Worst Video Games That Ruined Their Whole Franchise
Publishers continue to release new games, it doesn’t mean their audiences will mindlessly gnaw on any old bone that’s thrown their way. In fact, over the years we’ve seen new entries into once earth-shattering franchises kill entire series’ dead, completely burning bridges with fans for good.
Dead Space 3
For a few years around the late 2000s and early 2010s EA was a viscous butcher of a company. Chasing the Call of Duty dollar, the company attempted to retrofit all of their popular franchises to be more in line with what was perceived as being popular at the time.
Unfortunately for the developers of Dead Space, this meant the claustrophobic and isolating franchise was made to incorporate more explosive action set-pieces and a co-op campaign, in order to gain a broader appeal.
While EA expected the changes to push the series to even greater heights, what players ended up with was a sequel that was suffering something of an identity crisis. Not succeeding as a straight-up shooter and also lacking the chills to make for a great horror experience, by trying to appeal to everyone Dead Space 3 appealed to nobody.
Which is a shame, because everyone except EA themselves could see this result coming from a mile off. Resident Evil had already gone down the exact same route, and everyone knows how well a radical shift turned out for that series…
A cult PC favourite, the Thief series and its hardcore stealth system never quite broke into the mainstream in the way many hoped it would. And although the first few releases became underground sensations, a couple of dodgy later titles ensured that the franchise was always going to be confined to its niche fandom.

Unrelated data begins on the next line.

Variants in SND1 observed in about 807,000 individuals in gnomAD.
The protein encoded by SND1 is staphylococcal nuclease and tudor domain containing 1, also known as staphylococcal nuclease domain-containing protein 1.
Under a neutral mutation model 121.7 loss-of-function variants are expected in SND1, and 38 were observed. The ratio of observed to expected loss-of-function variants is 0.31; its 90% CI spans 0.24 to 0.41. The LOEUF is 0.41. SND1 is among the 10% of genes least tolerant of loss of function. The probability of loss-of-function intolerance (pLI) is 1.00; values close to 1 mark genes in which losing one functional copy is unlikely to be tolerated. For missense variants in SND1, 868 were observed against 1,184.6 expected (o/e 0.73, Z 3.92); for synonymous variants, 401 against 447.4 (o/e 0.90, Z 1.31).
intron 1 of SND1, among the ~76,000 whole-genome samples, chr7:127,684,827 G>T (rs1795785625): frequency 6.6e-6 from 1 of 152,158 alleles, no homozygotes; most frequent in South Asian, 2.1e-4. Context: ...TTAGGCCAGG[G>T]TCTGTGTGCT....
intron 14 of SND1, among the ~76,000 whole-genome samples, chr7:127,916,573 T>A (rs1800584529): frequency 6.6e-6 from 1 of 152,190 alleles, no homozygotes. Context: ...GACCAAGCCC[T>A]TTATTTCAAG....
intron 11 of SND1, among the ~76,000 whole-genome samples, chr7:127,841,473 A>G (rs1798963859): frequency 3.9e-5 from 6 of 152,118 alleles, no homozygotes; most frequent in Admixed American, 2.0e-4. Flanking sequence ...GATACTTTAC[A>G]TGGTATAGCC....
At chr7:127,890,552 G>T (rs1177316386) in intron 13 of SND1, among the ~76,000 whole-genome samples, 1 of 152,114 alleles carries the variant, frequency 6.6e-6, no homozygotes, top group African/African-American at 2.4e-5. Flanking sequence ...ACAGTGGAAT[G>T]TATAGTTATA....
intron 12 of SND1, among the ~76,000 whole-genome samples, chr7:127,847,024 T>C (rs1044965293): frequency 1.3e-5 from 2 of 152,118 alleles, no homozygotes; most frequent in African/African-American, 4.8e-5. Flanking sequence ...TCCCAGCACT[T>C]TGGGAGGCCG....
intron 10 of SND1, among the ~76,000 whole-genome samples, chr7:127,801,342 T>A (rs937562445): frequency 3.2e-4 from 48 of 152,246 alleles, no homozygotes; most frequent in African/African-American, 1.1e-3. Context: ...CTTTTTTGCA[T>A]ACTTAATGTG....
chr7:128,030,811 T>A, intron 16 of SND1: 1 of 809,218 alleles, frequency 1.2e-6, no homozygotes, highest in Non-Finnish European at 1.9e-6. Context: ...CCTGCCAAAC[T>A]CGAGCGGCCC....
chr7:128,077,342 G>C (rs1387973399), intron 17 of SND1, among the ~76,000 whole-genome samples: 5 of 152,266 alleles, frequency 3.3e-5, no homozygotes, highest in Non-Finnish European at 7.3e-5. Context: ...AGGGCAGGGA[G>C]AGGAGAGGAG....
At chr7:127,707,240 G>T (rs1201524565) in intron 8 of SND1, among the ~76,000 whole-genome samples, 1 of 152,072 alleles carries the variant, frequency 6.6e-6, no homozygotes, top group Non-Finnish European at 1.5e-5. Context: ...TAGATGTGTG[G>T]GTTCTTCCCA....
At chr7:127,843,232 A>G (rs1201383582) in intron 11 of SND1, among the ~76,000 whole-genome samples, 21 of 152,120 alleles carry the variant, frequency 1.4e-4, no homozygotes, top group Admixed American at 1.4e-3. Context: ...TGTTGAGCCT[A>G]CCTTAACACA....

But Thief 2014 was an attempt to right the sins of these later misfires and finally give the franchise the big push it deserved. Unfortunately, what was supposed to be a grand return to form ended up as just another unremarkable drop in the gaming bucket as far as players were concerned.
Another case of a franchise losing its unique spark in the pursuit of mass appeal, even at a time when there wasn’t much at all to play on next-gen consoles, nobody could bring themselves to sit down and trudge through Thief’s incredibly lacklustre stealth gameplay.
A wonky map system and a mundane narrative didn’t do much to entice players to hang around either, and as result the sequel was probably one of the first big regrets of early next-gen adopters.
Mass Effect Andromeda
Say what you will about Mass Effect 3, but at least it had a vision. I mean, you can argue that the vision was stupid, but there’s no denying the game stuck to its guns and told the story it wanted to tell.
Mass Effect: Andromeda has no such vision.
Attempting to reboot the franchise in a new direction, the latest Bioware RPG gave players a more open, less focused experienced that was frequently bogged down by monotonous resource gathering, fetch-quests and cover-hugging combat.
Truthfully, Andromeda is a mess, and it’s clear that the team just threw every idea at the wall in the hope that something would stick instead of attempting to carve out a solid focus for this uninspired sequel. It makes for a gaming experience that’s simply spinning its wheels and biding its time, stripped of all the inspiration and ambition that made the original trilogy so memorable.
So forget the laughable animations you’ve heard all about because Andromeda’s problems are more than skin-deep – they’re rotten to the core.